(Family Features) Picking paint colors and ogling kitchen remodels on Pinterest can be fun for homeowners looking to renovate. However, today’s homeowners are looking for upgrades that not only look great, but save money. Energy-efficiency improvements are a smart investment toward curbing energy use, cutting energy bills, and increasing the value of a home.
There are many simple and cost-effective efficiency improvements that homeowners can make. Choosing which to invest in often comes down to economics and how long it will take to recoup costs.
To take the guesswork out of choosing the most cost-effective upgrades, the Propane Education & Research Council ranked the top 10 energy-efficiency improvements. Here are some of the projects that will give a homeowner the most bang for their buck.
- Sealing windows and doors consistently has the best payback for homeowners in all regions of the U.S. Proper air-sealing can reduce air infiltration by 30 percent, and has a payback within one to four years. Sealing leaks can also reduce noise pollution and prevent pollen or dust from entering the home.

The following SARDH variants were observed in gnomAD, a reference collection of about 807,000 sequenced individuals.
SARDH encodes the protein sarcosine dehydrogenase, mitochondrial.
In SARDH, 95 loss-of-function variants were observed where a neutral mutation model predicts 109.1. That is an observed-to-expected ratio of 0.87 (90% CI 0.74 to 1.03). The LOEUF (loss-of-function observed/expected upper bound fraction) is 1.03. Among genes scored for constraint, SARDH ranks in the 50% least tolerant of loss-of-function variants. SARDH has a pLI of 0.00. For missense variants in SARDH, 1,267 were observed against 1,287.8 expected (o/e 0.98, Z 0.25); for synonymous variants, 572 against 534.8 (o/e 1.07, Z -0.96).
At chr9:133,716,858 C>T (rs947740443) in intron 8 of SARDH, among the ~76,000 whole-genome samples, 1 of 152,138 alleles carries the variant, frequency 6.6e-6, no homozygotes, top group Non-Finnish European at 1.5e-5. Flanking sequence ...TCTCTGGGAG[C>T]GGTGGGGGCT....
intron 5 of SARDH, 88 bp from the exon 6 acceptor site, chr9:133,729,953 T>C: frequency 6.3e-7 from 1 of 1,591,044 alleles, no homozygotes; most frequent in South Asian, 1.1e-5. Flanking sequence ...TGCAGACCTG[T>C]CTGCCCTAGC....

- Replacing windows and lighting with more energy-efficient options can significantly reduce energy bills and emissions. Swapping incandescent bulbs with high-efficacy fluorescent bulbs can substantially reduce annual carbon dioxide emissions, and the switch could pay for itself in less than a year.
- Space heating and cooling accounts for the greatest energy use in the house. In many parts of the country, replacing a furnace or boiler with a high-efficiency model can pay for itself within the first year. Additionally, a dual-fuel system, like using a high-efficiency air-source heat pump in tandem with a high-efficiency propane furnace, offers big energy and emissions savings – up to as much as three metric tons each year.
- Water heating is typically the second-largest energy user in the house. Upgrading a system, especially switching from an electric model to a propane-fueled condensing tankless system, can save up to 50 percent and significantly reduce CO2. In addition, new U.S. Department of Energy regulations now in effect mean that older water heaters between eight and 12 years of age need to be updated to meet new efficiency standards.
For more money-saving, cost-efficient upgrade ideas, visit www.propane.com/residential.
Source: Propane Education & Research Council